St. Louis courtrooms have introduced some furry friends to help lower stress levels and aid witnesses during the trial process. Therapy dogs have been present in hospitals and nursing homes for many years because of the documented benefits in lowering blood pressure and reducing stress reactions, and now those benefits are being put to use in local courts all over Missouri.
A man thought he was doing his neighbors a favor when he saw a police officer pull over and set up a speed trap near his home last year. The man decided to take his car a few blocks ahead of the officer and began flashing his headlights to signal to drivers that they should slow down.
The recent sentencing of a white collar offender to a life sentence in prison has raised some eyebrows and concerns in the criminal justice community. The life sentence for fraud crimes was allowed under the state's three-strikes law, which imposes a harsher penalty on repeat offenders. This man had already served time for two burglary charges in the 1990s, and prosecutors added a burglary charge in this case.
A recent report from the National White Collar Crime Center detailed some interesting new information about internet crime around the country and in this state. Missouri apparently ranked 20th overall in the number of internet crimes that were reported to authorities last year. Apparently Missouri residents lost about $4.5 million in internet thefts last year.
Attorneys often advise their clients to look clean and respectful for court appearances and trial to make a positive impression on the judge and jury, or at least avoid making a negative impression. Issues of appearance may seem trivial in light of criminal charges, but some studies have shown that people have a subconscious bias against people with an appearance that seems threatening.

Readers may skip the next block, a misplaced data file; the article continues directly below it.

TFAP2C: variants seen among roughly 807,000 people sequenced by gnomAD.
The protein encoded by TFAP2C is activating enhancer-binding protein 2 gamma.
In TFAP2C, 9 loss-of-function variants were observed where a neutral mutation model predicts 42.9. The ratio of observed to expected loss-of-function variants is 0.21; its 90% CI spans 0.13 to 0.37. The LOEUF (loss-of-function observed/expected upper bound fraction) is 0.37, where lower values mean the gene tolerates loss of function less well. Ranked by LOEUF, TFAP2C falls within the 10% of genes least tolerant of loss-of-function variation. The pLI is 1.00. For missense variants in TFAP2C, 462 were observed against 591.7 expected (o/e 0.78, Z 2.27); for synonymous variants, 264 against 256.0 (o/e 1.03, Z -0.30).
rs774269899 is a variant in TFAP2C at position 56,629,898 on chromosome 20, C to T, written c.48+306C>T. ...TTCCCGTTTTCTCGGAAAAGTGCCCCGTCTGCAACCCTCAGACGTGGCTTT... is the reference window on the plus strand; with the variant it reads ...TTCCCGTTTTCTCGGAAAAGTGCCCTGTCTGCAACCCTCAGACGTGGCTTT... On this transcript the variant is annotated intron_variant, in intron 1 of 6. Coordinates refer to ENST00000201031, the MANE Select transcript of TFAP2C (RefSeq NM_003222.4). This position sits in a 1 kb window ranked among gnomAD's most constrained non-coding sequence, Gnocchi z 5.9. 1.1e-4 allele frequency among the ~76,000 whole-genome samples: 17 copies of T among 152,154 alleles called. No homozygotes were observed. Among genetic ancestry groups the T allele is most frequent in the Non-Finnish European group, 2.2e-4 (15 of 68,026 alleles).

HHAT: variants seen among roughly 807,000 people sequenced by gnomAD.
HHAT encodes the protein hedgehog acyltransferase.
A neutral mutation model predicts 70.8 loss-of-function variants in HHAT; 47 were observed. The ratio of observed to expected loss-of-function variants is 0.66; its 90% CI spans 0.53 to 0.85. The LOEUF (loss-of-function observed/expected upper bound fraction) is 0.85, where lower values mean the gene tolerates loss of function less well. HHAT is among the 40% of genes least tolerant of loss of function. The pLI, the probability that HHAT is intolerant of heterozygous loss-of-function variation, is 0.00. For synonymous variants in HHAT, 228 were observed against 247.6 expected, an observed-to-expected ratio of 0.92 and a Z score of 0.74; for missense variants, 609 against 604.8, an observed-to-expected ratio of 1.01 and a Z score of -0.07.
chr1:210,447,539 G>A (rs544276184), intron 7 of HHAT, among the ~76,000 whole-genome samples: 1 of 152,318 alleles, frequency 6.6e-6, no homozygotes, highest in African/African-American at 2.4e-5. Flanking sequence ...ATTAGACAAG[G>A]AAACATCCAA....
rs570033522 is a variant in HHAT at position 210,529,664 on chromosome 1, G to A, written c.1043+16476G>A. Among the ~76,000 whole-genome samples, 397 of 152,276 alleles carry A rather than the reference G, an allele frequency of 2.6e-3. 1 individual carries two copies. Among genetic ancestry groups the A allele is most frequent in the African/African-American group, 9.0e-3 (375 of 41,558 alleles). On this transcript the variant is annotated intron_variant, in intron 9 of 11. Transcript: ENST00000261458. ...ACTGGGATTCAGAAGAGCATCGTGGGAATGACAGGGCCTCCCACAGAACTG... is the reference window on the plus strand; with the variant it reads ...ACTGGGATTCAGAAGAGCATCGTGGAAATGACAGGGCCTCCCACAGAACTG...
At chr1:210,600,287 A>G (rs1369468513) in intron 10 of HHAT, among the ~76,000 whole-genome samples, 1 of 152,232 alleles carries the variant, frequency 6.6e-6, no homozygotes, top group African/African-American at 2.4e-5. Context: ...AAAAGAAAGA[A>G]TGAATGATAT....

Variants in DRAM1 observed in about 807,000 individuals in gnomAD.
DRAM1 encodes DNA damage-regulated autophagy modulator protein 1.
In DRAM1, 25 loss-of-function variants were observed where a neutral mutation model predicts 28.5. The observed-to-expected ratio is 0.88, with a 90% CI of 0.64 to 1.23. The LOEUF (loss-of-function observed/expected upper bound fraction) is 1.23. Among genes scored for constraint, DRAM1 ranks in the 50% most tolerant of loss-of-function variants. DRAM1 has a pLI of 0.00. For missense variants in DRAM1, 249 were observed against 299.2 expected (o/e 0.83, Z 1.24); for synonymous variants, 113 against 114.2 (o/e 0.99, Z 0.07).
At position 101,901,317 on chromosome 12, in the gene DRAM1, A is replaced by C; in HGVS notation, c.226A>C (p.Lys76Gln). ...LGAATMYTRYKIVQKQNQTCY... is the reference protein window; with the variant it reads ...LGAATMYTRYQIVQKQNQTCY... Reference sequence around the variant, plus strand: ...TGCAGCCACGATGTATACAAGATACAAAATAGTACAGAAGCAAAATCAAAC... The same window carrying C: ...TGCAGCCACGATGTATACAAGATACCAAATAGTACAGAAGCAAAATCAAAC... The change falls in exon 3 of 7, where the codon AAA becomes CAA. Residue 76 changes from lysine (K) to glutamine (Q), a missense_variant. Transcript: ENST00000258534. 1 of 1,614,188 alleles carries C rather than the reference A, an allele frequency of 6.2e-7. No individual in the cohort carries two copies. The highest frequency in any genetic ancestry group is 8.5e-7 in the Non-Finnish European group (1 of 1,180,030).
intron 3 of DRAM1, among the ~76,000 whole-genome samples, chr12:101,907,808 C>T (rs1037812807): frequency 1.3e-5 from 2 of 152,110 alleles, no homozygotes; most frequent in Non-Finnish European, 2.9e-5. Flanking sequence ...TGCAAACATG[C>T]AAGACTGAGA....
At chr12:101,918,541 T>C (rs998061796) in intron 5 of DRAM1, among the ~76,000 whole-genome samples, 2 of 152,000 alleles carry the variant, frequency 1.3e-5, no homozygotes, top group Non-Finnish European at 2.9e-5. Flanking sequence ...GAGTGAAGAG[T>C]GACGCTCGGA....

A beauty queen and 2009 Miss USA winner was arrested last December and charged with drunk driving. She was sentenced this week after choosing to plead no contest to several misdemeanor counts. The pageant winner will pay several hundred dollars in fines and spend six months on probation.
Police in many states around the country have been conducting investigations into fraud allegations. The specific issue that has emerged recently surrounds the sale of time shares. Time shares are a popular way for people to secure a place at a certain vacation spot at a reasonable price for the long term. Many people choose time shares instead of a vacation home, but the arrangement can also be a risky investment and the downturn in the market has caused people to want to sell.
As in many states with a tight budget this year, Missouri lawmakers are looking in some unconventional places to cut costs. Prisons have previously been considered off the table for savings, since most Missouri residents agree that they are a necessary part of the criminal justice system. An updated study on the state's use of the prison system and an analysis of the costs versus the benefits of prison time tells a different story.